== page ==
- SA remains confident there's no gender pay disparity among city employees, but some beg to differ.
As far as one local leader sees it, if people are confident the Alamo City has shattered its glass ceiling, they need to think again.
In early April, just weeks before municipal elections, District 7 Councilman Cris Medina, who is up for re-election, created an online petition calling on the city to revisit pay disparities between men and women who work for San Antonio.
"In one of his last acts as Mayor, Julián Castro requested that the city retain a third party to conduct an equal pay study. Unfortunately, it appears that his request was ignored and no action has been taken," Medina told supporters in an email. "That is unacceptable and I plan to change that."
Medina ignored repeated interview requests from the San Antonio Current.
The city's HR department doesn't seem too worried.
The department stands by its 2013 analyses of pay between men and women, calling its "employee compensation philosophy" fair and equitable.
"The City's policy and practices on employee pay allow for a number of factors, such as qualifications, experience, and individual performance to be considered in determining an employee's pay and demonstrate the City's commitment to equal pay for equal work," according to a statement to the Current.
Medina originally pushed the issue nearly two years ago, prompting the internal review in which former HR Director Joe Angelo concluded that "pay disparities did not exist between male and female full-time City employees," according to minutes from the November 20, 2013, Governance Committee meeting.
That assertion conflicts with a federal lawsuit filed last summer by three women who accuse SA of violating the federal Equal Pay Act. Two of the women — Christine Peden and Jeanne Martinez — also allege that the city retaliated against them after they reported discovering that male coworkers in the same positions with the same amount of experience actually received higher pay.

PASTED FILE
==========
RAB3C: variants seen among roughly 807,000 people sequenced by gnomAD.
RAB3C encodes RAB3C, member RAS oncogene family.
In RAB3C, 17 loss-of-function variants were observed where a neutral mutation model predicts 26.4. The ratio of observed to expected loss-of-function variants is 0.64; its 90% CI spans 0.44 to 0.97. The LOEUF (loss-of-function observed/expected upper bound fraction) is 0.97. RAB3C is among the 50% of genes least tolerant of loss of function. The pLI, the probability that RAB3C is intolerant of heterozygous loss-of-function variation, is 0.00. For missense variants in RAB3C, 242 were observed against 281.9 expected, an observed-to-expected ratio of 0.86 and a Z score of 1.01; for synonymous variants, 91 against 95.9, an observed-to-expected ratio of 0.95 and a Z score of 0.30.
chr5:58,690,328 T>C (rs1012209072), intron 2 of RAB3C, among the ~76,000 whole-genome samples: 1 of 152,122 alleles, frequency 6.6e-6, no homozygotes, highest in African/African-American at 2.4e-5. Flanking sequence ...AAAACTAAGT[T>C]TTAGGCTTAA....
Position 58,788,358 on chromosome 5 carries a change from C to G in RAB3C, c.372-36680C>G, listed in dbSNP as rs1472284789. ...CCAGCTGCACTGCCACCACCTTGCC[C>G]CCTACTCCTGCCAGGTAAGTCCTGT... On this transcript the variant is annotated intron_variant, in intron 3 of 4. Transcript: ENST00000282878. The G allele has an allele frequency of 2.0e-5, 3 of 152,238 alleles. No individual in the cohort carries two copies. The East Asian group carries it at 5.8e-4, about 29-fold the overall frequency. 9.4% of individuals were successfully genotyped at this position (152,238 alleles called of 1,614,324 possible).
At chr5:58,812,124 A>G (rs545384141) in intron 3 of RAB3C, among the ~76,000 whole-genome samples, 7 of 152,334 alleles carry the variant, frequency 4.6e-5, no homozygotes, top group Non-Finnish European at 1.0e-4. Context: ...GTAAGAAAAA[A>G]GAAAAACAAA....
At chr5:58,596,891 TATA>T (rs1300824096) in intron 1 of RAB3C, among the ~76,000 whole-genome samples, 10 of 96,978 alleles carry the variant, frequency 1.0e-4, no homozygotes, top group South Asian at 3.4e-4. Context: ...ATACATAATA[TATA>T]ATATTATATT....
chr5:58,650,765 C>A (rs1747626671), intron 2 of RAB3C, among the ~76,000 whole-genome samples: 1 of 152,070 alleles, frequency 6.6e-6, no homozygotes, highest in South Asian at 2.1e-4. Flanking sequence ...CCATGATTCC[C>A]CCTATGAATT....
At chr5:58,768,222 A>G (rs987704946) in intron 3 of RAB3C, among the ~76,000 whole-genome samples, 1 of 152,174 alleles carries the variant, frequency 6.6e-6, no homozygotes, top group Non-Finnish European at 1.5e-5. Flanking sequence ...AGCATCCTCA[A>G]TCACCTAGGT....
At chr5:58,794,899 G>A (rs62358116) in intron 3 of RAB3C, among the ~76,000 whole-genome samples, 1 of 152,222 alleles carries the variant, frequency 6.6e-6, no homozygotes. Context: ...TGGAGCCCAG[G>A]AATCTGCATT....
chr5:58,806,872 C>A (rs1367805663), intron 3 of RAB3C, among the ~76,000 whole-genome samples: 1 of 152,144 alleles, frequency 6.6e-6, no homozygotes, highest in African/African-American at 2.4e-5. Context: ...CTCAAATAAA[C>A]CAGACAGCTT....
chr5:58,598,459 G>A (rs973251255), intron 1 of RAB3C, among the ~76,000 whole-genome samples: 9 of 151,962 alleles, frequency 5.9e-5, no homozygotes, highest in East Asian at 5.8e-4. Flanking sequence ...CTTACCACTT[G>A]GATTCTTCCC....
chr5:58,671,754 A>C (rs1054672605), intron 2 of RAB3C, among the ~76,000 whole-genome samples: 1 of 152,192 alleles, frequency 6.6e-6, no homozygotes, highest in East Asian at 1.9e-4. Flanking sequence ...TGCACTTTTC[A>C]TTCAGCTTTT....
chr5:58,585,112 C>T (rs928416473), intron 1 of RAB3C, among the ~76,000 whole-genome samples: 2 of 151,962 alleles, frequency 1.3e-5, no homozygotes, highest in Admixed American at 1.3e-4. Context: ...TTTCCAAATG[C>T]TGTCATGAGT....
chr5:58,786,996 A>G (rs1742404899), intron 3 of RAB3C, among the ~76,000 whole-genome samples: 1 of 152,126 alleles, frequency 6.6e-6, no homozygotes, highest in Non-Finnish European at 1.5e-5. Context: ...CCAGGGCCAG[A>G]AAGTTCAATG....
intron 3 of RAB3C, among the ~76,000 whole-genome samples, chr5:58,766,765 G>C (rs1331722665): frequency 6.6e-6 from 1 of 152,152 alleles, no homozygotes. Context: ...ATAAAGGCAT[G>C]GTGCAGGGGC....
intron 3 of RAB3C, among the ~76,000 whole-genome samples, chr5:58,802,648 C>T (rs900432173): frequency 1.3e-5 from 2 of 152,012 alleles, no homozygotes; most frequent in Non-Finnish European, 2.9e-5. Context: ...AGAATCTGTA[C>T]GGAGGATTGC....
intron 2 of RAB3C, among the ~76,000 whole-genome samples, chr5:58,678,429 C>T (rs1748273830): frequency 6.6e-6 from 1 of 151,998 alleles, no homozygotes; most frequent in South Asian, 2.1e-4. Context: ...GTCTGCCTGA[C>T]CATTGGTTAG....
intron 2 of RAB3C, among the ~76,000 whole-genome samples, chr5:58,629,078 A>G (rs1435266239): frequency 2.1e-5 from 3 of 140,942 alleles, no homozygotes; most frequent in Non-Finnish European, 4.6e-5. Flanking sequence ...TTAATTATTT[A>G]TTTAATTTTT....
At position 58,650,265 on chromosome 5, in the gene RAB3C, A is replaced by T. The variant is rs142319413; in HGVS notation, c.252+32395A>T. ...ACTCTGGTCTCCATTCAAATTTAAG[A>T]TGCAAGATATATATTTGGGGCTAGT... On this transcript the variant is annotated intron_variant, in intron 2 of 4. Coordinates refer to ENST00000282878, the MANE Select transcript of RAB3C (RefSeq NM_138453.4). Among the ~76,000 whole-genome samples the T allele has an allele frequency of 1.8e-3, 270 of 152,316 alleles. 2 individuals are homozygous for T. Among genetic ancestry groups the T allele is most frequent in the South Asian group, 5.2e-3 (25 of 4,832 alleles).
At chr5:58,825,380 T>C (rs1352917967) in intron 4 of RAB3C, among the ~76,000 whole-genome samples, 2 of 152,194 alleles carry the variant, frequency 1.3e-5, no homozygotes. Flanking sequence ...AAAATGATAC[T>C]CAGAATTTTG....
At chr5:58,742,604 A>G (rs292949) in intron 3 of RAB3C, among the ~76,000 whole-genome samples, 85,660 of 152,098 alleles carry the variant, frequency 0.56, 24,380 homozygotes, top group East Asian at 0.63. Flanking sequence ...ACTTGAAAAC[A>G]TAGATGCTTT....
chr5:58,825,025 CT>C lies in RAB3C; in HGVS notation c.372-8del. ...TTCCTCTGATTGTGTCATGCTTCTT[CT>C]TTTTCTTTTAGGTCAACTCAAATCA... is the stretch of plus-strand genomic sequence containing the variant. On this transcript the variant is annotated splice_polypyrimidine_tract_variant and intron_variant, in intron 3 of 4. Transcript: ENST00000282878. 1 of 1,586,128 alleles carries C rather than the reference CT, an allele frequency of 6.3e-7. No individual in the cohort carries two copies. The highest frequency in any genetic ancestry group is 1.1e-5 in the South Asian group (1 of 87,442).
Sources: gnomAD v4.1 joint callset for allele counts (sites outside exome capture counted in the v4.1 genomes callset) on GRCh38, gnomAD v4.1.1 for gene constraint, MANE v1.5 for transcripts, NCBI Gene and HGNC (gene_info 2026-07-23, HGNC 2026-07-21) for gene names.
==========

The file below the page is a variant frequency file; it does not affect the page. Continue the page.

After an investigation, the Equal Employment Opportunity Commission sided with Peden and Martinez, granting them the right to sue the city.
The women worked at Animal Care Services, which Angelo managed prior to joining the HR department.
As of last Tuesday, Medina's petition had garnered just over 50 signatures with 26 people chiming in with supportive comments.
Peden signed the petition, commenting: "$50k less than a man."
Martinez offered some thoughts of her own.
"Men and women have fought and died to preserve our rights granted by our government," she wrote. "Women in this country deserve better."
While the city maintains there are no gender-based pay disparities between its full-time employees, white males have long dominated local government and private-business sectors.
It's something equal-pay advocates have been trying to change.
"We're operating in an environment where, historically, men have received favored status in our society and there's a culture of valuing their work over women's work," said Joleen Garcia, executive director of the Martinez Street Women's Center.
She welcomes Medina's Equal Pay for SA initiative, but cautions city leaders from getting lost in studies.
"Some things aren't easy to find through studies and this lawsuit is an opportunity to uncover that and there are more stories that we need to uncover," Garcia said. "If we had an independent study that looks at individual stories and encourages women to speak out, I think we'd find out more."
And it's impossible for the city to accurately analyze itself, according Garcia.
Statewide wage-gap information also reveals a picture of inequality.
According to data compiled by Progress Texas, a left-leaning public relations and advocacy organization, Texas women make 76 cents for every dollar a man earns.
The outlook is worse for women of color. African-American women make 57 cents to every dollar a white man makes and Hispanic women make 45 cents to the dollar. Those numbers are garnered using U.S. Census data.
"Our growing population of Latina women and our population of African-American women combined create a majority status in San Antonio," Garcia said of the statewide statistics. "And if we don't see to their economic well-being, then we are impacting an entire majority of San Antonio."
That's because income disparity trickles down.
"Equal pay is a family issue because women are increasingly bread winners in the home," said Lucy Stein, advocacy director at Progress Texas. "So when women make less, families suffer because they are also earning less on the whole."
While San Antonio doesn't plan to revisit Medina's request, unless he is re-elected and successfully convinces his colleagues to support a third-party study, there are strong efforts on the state level to address gender-income equality. The Texas Equal Pay Act mirrors the federal Lilly Ledbetter Act — the first law President Barack Obama signed when he was elected to the nation's top office.
Enacted in 2009, the law resets the 180-day statute of limitations on equal pay lawsuits for each paycheck affected by discrimination.
"Texas is one of eight states that doesn't have a state version of the Lilly Ledbetter Act," said Stein. "It makes it easier to sue."
During the last legislative session, the Texas Equal Pay Act was approved, but former governor Rick Perry vetoed it.
To effectively close the wage gap, Stein said the Lone Star State would need to raise the minimum wage, support pay transparency, invest in paid family and medical leave, and pass the Texas Equal Pay Act.